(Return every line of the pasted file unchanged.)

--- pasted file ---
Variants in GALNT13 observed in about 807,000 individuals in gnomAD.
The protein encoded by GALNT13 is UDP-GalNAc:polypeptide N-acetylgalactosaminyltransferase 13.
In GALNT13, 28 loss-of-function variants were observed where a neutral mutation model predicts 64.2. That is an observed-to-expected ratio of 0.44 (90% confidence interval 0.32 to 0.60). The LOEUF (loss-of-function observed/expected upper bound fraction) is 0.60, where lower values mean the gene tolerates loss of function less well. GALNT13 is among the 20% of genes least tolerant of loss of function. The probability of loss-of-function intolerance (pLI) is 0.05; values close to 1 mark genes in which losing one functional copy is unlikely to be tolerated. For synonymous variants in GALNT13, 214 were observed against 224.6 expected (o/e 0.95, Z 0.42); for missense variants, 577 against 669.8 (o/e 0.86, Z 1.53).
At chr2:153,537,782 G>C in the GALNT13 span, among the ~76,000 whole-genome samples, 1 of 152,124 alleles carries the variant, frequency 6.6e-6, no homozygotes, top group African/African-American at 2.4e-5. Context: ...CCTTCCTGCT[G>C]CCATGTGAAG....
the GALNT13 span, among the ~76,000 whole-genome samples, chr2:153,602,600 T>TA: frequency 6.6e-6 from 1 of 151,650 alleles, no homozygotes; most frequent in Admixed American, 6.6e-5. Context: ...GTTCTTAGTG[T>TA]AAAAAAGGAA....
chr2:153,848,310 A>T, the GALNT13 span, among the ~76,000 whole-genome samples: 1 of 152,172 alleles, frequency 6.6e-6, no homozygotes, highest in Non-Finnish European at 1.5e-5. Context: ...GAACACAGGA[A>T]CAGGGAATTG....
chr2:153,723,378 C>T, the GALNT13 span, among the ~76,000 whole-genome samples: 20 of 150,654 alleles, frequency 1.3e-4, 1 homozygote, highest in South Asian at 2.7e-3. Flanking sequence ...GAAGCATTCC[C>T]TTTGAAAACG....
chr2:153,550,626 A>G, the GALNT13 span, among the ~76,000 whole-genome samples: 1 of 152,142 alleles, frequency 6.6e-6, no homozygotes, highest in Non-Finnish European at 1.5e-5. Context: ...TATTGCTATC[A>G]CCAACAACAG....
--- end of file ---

Variants in GALNT13 observed in about 807,000 individuals in gnomAD.
The protein encoded by GALNT13 is UDP-GalNAc:polypeptide N-acetylgalactosaminyltransferase 13.
In GALNT13, 28 loss-of-function variants were observed where a neutral mutation model predicts 64.2. That is an observed-to-expected ratio of 0.44 (90% confidence interval 0.32 to 0.60). The LOEUF (loss-of-function observed/expected upper bound fraction) is 0.60, where lower values mean the gene tolerates loss of function less well. GALNT13 is among the 20% of genes least tolerant of loss of function. The probability of loss-of-function intolerance (pLI) is 0.05; values close to 1 mark genes in which losing one functional copy is unlikely to be tolerated. For synonymous variants in GALNT13, 214 were observed against 224.6 expected (o/e 0.95, Z 0.42); for missense variants, 577 against 669.8 (o/e 0.86, Z 1.53).
At chr2:153,537,782 G>C in the GALNT13 span, among the ~76,000 whole-genome samples, 1 of 152,124 alleles carries the variant, frequency 6.6e-6, no homozygotes, top group African/African-American at 2.4e-5. Context: ...CCTTCCTGCT[G>C]CCATGTGAAG....
the GALNT13 span, among the ~76,000 whole-genome samples, chr2:153,602,600 T>TA: frequency 6.6e-6 from 1 of 151,650 alleles, no homozygotes; most frequent in Admixed American, 6.6e-5. Context: ...GTTCTTAGTG[T>TA]AAAAAAGGAA....
chr2:153,848,310 A>T, the GALNT13 span, among the ~76,000 whole-genome samples: 1 of 152,172 alleles, frequency 6.6e-6, no homozygotes, highest in Non-Finnish European at 1.5e-5. Context: ...GAACACAGGA[A>T]CAGGGAATTG....
chr2:153,723,378 C>T, the GALNT13 span, among the ~76,000 whole-genome samples: 20 of 150,654 alleles, frequency 1.3e-4, 1 homozygote, highest in South Asian at 2.7e-3. Flanking sequence ...GAAGCATTCC[C>T]TTTGAAAACG....
chr2:153,550,626 A>G, the GALNT13 span, among the ~76,000 whole-genome samples: 1 of 152,142 alleles, frequency 6.6e-6, no homozygotes, highest in Non-Finnish European at 1.5e-5. Context: ...TATTGCTATC[A>G]CCAACAACAG....